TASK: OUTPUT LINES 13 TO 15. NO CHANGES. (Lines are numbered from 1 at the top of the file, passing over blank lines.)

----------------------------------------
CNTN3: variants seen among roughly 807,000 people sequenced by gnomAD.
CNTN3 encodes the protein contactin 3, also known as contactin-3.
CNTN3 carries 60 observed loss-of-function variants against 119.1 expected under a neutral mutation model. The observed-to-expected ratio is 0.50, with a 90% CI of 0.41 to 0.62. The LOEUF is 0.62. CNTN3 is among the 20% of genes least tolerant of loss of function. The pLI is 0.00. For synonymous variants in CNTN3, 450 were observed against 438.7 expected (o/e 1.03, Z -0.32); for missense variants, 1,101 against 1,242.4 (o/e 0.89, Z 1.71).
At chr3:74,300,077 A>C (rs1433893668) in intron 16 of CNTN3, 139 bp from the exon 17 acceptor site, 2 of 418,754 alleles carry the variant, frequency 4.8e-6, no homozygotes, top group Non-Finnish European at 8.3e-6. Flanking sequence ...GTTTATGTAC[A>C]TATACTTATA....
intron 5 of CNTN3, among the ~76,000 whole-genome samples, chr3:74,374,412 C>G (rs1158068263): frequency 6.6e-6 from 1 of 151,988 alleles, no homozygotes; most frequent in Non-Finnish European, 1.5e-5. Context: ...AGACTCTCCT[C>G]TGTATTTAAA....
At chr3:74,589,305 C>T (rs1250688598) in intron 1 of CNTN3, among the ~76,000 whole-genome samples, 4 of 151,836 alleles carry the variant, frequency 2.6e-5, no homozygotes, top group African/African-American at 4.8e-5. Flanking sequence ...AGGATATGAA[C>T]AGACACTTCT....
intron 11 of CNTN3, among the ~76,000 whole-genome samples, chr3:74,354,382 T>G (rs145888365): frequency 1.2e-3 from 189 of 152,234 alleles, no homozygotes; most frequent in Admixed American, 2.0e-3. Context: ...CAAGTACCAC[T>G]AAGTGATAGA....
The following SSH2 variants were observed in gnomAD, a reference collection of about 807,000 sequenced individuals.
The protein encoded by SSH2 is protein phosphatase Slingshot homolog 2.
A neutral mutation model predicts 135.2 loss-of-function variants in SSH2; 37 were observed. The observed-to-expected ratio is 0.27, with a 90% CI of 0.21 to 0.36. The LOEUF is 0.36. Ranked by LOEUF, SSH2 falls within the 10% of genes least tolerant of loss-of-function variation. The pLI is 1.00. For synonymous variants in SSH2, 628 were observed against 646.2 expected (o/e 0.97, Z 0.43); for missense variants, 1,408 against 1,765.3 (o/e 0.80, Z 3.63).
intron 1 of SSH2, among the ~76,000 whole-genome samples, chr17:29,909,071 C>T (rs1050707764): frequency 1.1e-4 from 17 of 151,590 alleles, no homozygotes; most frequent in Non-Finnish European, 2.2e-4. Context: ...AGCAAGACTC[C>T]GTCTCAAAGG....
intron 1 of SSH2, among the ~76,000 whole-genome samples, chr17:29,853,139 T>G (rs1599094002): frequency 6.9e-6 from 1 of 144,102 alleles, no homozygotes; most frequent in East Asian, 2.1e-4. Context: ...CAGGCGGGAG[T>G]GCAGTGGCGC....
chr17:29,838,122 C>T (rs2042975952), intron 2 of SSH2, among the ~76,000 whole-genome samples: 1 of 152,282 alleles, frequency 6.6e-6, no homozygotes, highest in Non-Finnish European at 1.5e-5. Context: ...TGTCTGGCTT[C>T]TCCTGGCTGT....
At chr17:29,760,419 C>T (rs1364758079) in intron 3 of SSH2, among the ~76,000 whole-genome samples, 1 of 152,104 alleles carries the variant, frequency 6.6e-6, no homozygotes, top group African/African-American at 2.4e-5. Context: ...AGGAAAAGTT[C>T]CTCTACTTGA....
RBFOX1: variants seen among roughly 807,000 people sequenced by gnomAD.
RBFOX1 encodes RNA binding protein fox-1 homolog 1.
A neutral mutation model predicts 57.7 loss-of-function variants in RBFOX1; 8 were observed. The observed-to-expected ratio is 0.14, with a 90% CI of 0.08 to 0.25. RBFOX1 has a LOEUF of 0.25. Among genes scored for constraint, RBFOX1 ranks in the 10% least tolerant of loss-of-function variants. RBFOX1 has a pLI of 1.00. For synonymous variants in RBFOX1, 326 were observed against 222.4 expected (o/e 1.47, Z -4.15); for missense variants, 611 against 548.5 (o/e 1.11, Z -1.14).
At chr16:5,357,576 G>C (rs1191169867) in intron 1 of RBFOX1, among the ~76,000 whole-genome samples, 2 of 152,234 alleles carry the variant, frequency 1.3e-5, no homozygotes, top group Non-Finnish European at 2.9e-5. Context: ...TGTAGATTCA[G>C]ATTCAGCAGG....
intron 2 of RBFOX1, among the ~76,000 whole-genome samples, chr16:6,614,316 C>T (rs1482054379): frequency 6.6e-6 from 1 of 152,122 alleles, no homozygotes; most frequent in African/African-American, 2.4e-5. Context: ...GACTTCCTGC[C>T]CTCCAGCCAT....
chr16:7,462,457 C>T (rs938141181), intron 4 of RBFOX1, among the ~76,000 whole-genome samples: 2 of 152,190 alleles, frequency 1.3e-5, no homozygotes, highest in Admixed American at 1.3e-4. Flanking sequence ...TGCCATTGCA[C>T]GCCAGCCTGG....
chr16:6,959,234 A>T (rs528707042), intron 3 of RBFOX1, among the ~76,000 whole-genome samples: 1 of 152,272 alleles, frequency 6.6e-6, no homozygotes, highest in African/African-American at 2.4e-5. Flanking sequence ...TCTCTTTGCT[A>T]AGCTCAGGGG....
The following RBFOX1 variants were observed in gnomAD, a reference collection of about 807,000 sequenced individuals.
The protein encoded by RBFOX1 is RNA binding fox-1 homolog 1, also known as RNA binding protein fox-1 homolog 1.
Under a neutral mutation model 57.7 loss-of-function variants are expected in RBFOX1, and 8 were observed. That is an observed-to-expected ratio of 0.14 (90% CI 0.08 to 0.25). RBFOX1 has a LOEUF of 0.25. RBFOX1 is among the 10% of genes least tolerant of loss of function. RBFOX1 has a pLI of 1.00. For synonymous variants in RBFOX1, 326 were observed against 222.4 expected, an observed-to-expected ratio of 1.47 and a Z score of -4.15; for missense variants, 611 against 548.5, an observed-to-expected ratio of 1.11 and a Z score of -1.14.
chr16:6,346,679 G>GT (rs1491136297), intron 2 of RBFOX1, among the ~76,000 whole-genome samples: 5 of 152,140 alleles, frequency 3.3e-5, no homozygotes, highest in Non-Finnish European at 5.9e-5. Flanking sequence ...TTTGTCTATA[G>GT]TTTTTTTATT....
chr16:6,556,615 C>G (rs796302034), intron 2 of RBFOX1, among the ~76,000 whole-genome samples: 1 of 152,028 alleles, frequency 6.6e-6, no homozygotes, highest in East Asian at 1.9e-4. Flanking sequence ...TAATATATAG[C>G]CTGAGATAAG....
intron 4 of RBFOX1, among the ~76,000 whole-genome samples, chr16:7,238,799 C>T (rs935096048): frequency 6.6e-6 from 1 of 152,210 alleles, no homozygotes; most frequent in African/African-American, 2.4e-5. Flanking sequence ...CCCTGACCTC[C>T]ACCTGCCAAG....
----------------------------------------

chr17:29,838,122 C>T (rs2042975952), intron 2 of SSH2, among the ~76,000 whole-genome samples: 1 of 152,282 alleles, frequency 6.6e-6, no homozygotes, highest in Non-Finnish European at 1.5e-5. Context: ...TGTCTGGCTT[C>T]TCCTGGCTGT....
At chr17:29,760,419 C>T (rs1364758079) in intron 3 of SSH2, among the ~76,000 whole-genome samples, 1 of 152,104 alleles carries the variant, frequency 6.6e-6, no homozygotes, top group African/African-American at 2.4e-5. Context: ...AGGAAAAGTT[C>T]CTCTACTTGA....
RBFOX1: variants seen among roughly 807,000 people sequenced by gnomAD.